Keep up your blogging! Regardless of what the few say, you are making a difference here and we appreciate it!



    • Kim, you brought tears to my eyes. Your words are why I continue to share things that might not be so pleasant. I want to help people see the error of my ways. When my husband read the post he said he was proud of how I had the courage to share and be honest and I thought, I am blessed and then you posted…thank you!

      P.S. my husband and I discussed this before I shared:)

  8. Hang in there. If you are getting resentment or negative response from a coward, it is because you have touched a nerve and shown a light on thier fear that they can’t handle.

    I know you a little, I hope to meet your family some day.

    You are tough as nails, forged by a fire of fear, and stonger for it.

    Thank you!

  9. I am so sorry you had to go through that, but I’m so greatful that you are sharing with others so they don’t have to go through the same thing. I sent this post to my wife to read.

    Thank You,

  10. Cognitive dissonance is a hard thing for each human to get around. We all do it. We all rationalize away the things we know we must do. Any healthy human claiming to be ok with death is kidding themselves. They are rationalizing away their life because undertaking self-defense measures can be hard and, worse of all, it can be revealing of just how vulnerable we really are. It is the very reason some people hate going to the doctor.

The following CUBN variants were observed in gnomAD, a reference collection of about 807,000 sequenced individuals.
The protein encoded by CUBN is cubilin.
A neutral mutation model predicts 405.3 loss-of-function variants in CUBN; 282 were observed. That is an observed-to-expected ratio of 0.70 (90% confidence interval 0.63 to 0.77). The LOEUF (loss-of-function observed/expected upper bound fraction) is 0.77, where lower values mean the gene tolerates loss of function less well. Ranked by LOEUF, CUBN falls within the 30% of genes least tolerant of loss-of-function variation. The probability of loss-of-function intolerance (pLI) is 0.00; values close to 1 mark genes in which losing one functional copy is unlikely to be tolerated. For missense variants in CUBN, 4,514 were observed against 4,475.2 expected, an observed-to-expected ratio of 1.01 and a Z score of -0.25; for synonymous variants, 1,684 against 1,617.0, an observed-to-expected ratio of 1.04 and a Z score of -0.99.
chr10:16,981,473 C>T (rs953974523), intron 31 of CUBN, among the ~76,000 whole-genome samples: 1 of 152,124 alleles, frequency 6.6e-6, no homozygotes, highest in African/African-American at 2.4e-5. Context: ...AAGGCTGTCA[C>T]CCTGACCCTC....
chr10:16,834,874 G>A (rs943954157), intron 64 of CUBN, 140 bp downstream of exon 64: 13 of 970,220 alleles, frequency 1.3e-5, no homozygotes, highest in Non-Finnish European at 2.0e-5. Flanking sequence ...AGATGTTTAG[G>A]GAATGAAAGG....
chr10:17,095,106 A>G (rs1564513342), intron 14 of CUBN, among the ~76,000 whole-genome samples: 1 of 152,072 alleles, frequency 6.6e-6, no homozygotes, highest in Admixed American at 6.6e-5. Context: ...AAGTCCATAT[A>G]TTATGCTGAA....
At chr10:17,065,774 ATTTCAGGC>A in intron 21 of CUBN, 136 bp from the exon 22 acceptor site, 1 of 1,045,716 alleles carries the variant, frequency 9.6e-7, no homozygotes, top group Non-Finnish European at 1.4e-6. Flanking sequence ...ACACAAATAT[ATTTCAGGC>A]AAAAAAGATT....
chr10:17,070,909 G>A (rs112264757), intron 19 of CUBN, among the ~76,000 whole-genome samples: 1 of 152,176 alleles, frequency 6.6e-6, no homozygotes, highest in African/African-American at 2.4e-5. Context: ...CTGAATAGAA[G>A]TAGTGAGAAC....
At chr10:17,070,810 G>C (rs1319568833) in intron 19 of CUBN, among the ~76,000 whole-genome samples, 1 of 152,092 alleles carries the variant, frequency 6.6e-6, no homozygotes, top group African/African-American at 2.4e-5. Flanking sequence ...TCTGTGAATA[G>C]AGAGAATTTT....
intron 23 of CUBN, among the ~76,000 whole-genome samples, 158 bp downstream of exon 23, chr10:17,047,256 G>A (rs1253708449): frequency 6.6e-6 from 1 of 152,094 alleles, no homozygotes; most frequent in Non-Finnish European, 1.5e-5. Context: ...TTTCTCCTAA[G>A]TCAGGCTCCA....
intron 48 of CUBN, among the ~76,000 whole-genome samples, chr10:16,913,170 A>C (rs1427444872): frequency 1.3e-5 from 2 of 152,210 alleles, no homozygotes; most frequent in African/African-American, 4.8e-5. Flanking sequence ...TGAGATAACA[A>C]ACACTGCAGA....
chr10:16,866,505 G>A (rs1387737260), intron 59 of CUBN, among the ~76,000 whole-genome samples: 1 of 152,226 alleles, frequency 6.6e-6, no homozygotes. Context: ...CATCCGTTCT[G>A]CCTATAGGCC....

And then there’s the problem we have in America with our political leaders and their law enforcement executive management. They’ve convinced people not to fight back but instead to call the police. It’s the rare rural sheriff that tells his constituents to “fight, fight, fight.”

  11. Great post as usual! Keep up the good work and continue the training, both for developing defensive skills and mindset, and for your situational awareness.